Dear Lack of Conviction

In response to The Daily Post’s writing prompt: “Shape Up or Ship Out.”

Dear my lack of conviction in myself,

I thought it was time that we sat down and had a chat. It’s funny how I can fake being tough when I need to, yet if I think too hard the tawdry glean of the fakeness shines like cheap polyester pants washed ten too many times.

I’ll be sitting and writing, talking in a discussion group, reading Levinas or the like; you sidle up to me, your breathing audible from my chair where the hairs on the back of my neck start tingling as you rest your hand on my shoulder. Your denim shorts cut off right above the knee, a peach coloured tshirt, the hair left over by your newly shaven undercut held together with an elastic band.

You usually sit quietly next to me, but the heavy weight of the air particles when you are close remind me of your gaze. Every now and then you have something to say, sometimes a bit cocky, always self-assured.

“Isn’t that nice of your colleagues to be supportive and give you such comments?”

“You know you’re going to have to read a lot more if you want to be the academic you want to be”

I suppose the part I find hardest to deal with is the kernel of truth in each statement and my inability to tell how big whether it is a kernel or a rock.

Well, my dearest friend, Mr Lack of Conviction, Mr Will Never Be good Enough… We’re over.

I know you’ve been seeing other women. And men. Mostly women. But really, all of the PhD students here. And a bunch of the academics. Quite possibly some of the executive, but I’ll hedge a wager that you definitely only visit women at that level. The vertical suits of the executive probably told you to fuck off many years ago, or never even met you at all. I know you let these academics give you nicknames – the imposter syndrome, chronic anxiety, overcooked for promotions… sometimes I’ve tried calling you these names myself.

But that’s not it. I don’t mind that you have been getting around these hallowed arches; in fact I prefer it that way. You see, even when we were first getting to know each other, you always left an uneasy feeling deep in my gut, a slight quickening of the pulse. Not having to entertain you for a while was a relief.

You seem to work well in cliches. So here we go: it’s not you, it’s me. It’s not that I don’t love you anymore. Your charm, your self-assurance, that certain oozy sliminess. It’s just that when I look in the mirror, I see that I will never be as good at charm and self-assurance as you are. I might try faking it, but I will never have the same creepy quality that you have as you hover behind me. A paradoxical puzzle perhaps – I am trying to telling my lack of conviction to disappear by arguing my own lack of conviction.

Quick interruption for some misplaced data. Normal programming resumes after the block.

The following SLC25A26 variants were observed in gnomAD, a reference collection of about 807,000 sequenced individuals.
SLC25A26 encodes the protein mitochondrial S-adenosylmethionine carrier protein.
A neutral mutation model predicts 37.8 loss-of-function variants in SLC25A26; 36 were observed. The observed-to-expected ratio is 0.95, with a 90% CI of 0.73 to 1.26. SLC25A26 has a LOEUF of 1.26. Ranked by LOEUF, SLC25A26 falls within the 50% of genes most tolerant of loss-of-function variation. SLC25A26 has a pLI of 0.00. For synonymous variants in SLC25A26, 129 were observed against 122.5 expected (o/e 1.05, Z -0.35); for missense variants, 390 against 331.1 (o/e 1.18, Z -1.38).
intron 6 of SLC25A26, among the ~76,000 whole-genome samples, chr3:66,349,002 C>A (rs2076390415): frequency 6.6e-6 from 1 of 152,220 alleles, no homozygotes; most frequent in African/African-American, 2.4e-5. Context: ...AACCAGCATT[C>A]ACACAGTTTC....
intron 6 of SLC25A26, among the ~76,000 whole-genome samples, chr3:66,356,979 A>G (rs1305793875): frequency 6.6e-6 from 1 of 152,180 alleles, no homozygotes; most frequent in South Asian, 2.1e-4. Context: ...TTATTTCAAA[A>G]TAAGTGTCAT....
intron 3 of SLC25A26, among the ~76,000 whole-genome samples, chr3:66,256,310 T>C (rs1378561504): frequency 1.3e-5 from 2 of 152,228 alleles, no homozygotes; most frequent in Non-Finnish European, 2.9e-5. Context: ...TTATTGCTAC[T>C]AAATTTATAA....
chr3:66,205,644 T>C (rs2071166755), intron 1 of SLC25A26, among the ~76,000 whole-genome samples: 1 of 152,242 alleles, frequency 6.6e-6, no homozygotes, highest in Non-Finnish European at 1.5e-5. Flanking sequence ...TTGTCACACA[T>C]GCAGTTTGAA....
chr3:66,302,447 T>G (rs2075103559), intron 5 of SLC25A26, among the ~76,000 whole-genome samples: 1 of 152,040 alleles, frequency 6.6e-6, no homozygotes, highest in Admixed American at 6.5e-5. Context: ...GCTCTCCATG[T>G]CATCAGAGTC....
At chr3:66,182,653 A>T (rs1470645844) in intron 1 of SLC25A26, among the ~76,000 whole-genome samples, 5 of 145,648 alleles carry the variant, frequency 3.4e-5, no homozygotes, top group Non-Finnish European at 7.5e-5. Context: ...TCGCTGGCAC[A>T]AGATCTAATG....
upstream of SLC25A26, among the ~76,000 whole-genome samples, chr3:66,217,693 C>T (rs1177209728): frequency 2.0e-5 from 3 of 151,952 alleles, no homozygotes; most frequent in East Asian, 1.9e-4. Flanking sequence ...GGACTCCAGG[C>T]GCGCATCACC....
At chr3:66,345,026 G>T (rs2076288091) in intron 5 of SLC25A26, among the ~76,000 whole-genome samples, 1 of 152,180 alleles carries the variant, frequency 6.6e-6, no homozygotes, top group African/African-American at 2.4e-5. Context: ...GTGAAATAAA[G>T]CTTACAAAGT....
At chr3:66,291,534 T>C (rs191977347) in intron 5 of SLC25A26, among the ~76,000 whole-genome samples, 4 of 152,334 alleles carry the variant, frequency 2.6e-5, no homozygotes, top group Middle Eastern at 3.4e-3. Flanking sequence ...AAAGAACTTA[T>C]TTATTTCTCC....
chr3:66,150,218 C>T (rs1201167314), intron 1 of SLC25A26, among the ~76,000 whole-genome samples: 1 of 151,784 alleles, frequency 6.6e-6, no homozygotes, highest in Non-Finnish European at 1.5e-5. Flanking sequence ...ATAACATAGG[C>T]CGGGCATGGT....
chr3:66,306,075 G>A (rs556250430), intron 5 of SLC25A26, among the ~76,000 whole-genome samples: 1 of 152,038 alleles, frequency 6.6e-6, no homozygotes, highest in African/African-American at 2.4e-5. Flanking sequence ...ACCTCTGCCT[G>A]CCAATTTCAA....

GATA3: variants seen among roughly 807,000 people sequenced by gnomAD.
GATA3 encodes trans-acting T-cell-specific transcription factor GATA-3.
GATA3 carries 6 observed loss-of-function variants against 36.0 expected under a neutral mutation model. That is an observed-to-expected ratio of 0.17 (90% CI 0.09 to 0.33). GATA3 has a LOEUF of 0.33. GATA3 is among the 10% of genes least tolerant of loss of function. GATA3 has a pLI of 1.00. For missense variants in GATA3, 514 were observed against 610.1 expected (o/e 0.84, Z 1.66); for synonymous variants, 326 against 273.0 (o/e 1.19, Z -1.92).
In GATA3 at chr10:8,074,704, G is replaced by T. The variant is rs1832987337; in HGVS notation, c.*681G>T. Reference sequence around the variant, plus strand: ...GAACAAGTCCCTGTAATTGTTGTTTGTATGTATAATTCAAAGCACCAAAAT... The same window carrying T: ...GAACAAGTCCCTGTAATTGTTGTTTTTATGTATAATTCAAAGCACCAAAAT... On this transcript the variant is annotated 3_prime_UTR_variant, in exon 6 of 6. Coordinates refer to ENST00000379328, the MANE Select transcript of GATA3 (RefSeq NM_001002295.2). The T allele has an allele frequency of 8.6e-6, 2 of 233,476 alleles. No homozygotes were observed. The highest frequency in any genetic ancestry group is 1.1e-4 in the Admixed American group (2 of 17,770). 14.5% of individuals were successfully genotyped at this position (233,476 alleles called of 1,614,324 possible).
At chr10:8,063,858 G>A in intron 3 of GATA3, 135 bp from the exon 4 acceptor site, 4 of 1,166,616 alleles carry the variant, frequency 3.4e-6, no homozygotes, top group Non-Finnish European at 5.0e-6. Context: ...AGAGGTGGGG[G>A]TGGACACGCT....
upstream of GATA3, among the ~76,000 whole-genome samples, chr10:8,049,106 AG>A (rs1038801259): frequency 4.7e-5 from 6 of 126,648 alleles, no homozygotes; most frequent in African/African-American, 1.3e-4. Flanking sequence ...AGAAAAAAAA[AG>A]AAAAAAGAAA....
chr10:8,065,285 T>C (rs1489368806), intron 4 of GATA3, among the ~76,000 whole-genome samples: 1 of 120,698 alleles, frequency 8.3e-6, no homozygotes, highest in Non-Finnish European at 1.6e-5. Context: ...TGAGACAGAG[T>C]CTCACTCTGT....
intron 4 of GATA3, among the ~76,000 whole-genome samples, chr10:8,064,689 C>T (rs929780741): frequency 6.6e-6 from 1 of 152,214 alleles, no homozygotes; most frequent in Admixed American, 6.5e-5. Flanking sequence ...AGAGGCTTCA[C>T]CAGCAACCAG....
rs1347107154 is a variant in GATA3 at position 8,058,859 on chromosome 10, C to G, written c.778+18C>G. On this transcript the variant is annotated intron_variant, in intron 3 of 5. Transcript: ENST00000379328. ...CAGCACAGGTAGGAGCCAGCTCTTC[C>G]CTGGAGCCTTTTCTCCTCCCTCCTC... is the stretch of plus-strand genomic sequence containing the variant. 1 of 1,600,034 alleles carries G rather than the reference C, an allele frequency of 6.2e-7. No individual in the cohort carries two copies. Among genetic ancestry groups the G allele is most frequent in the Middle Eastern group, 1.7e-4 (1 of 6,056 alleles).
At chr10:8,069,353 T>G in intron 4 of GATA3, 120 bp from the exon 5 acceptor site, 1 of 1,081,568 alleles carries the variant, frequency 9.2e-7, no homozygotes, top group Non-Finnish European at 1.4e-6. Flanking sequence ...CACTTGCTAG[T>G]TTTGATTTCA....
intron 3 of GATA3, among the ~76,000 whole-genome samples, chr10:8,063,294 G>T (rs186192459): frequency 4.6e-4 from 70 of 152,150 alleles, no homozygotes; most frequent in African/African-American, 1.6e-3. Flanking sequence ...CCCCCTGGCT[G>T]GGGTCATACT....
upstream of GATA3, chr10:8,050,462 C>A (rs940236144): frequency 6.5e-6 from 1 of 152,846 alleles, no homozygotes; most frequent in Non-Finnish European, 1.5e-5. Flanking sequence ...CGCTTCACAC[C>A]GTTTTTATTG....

But when I said it’s me, I meant I am who I am. I may never have a 100% belief in myself, and perhaps that’s okay. But as long as you are with me, that lack of belief becomes a problem. You see baby, it’s who I am when I’m with you, not you, as sleazy as you are.

In which case, I will bid you adieu for now. I’m sure you will be the ex I can never get rid of, texting innocuous messages, calling me out of the blue on a Saturday night when we’ve both been drinking at bars on the opposite ends of town. And I know I will see you around these fluro lit cubicles. Just because I’m breaking up with you, doesn’t mean you will break ties with all of my colleagues. But that’s okay. I’ll give them a hug and some platitudes to balance out your cliches.

Stay cool,



Where our thinking comes from

coffee, books, writing, words

Recently I have been thinking a lot about theory, and how people make sense of their lives. In my undergraduate psychology days, I was taught the scientific method of theory. Theory was the foundation of everything we did – we used theory to guide the research we would do, and we did research to test theories. Data could either support or contradict a theory. In the case of a contradiction, we knew we had to revise either the theory or our research methods. Being trained in a very positivist paradigm, we were told that what we did was science, and you could not trust anything else. To know, to find rules that we could use to predict the future, was the whole purpose of research.

And so starting a PhD in education was confusing, particular with my main supervisor coming from a very philosophical background in terms of what research…

View original post 354 more words